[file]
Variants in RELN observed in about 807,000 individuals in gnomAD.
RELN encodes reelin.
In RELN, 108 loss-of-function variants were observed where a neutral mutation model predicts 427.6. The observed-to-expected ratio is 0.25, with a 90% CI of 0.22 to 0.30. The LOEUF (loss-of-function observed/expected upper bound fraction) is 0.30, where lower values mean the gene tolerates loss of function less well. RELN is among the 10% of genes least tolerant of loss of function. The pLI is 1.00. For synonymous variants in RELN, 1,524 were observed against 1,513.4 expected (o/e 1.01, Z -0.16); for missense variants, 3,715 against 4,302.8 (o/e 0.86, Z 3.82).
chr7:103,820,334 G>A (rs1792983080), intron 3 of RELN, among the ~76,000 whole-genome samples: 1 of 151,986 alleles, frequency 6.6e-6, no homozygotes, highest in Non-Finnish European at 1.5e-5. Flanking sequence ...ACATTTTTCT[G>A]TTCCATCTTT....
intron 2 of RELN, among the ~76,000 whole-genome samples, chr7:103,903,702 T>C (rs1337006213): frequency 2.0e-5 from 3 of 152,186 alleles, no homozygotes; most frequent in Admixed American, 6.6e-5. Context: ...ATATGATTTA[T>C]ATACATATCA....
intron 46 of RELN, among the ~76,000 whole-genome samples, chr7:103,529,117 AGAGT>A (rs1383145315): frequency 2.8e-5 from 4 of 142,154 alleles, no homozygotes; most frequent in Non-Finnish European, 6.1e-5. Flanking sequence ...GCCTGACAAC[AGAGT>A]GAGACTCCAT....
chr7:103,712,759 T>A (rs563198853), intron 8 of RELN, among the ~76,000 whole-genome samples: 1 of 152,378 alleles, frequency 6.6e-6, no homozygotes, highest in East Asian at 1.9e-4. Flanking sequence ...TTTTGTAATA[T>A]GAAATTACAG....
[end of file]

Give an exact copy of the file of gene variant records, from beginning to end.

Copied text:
Variants in RELN observed in about 807,000 individuals in gnomAD.
RELN encodes reelin.
In RELN, 108 loss-of-function variants were observed where a neutral mutation model predicts 427.6. The observed-to-expected ratio is 0.25, with a 90% CI of 0.22 to 0.30. The LOEUF (loss-of-function observed/expected upper bound fraction) is 0.30, where lower values mean the gene tolerates loss of function less well. RELN is among the 10% of genes least tolerant of loss of function. The pLI is 1.00. For synonymous variants in RELN, 1,524 were observed against 1,513.4 expected (o/e 1.01, Z -0.16); for missense variants, 3,715 against 4,302.8 (o/e 0.86, Z 3.82).
chr7:103,820,334 G>A (rs1792983080), intron 3 of RELN, among the ~76,000 whole-genome samples: 1 of 151,986 alleles, frequency 6.6e-6, no homozygotes, highest in Non-Finnish European at 1.5e-5. Flanking sequence ...ACATTTTTCT[G>A]TTCCATCTTT....
intron 2 of RELN, among the ~76,000 whole-genome samples, chr7:103,903,702 T>C (rs1337006213): frequency 2.0e-5 from 3 of 152,186 alleles, no homozygotes; most frequent in Admixed American, 6.6e-5. Context: ...ATATGATTTA[T>C]ATACATATCA....
intron 46 of RELN, among the ~76,000 whole-genome samples, chr7:103,529,117 AGAGT>A (rs1383145315): frequency 2.8e-5 from 4 of 142,154 alleles, no homozygotes; most frequent in Non-Finnish European, 6.1e-5. Flanking sequence ...GCCTGACAAC[AGAGT>A]GAGACTCCAT....
chr7:103,712,759 T>A (rs563198853), intron 8 of RELN, among the ~76,000 whole-genome samples: 1 of 152,378 alleles, frequency 6.6e-6, no homozygotes, highest in East Asian at 1.9e-4. Flanking sequence ...TTTTGTAATA[T>A]GAAATTACAG....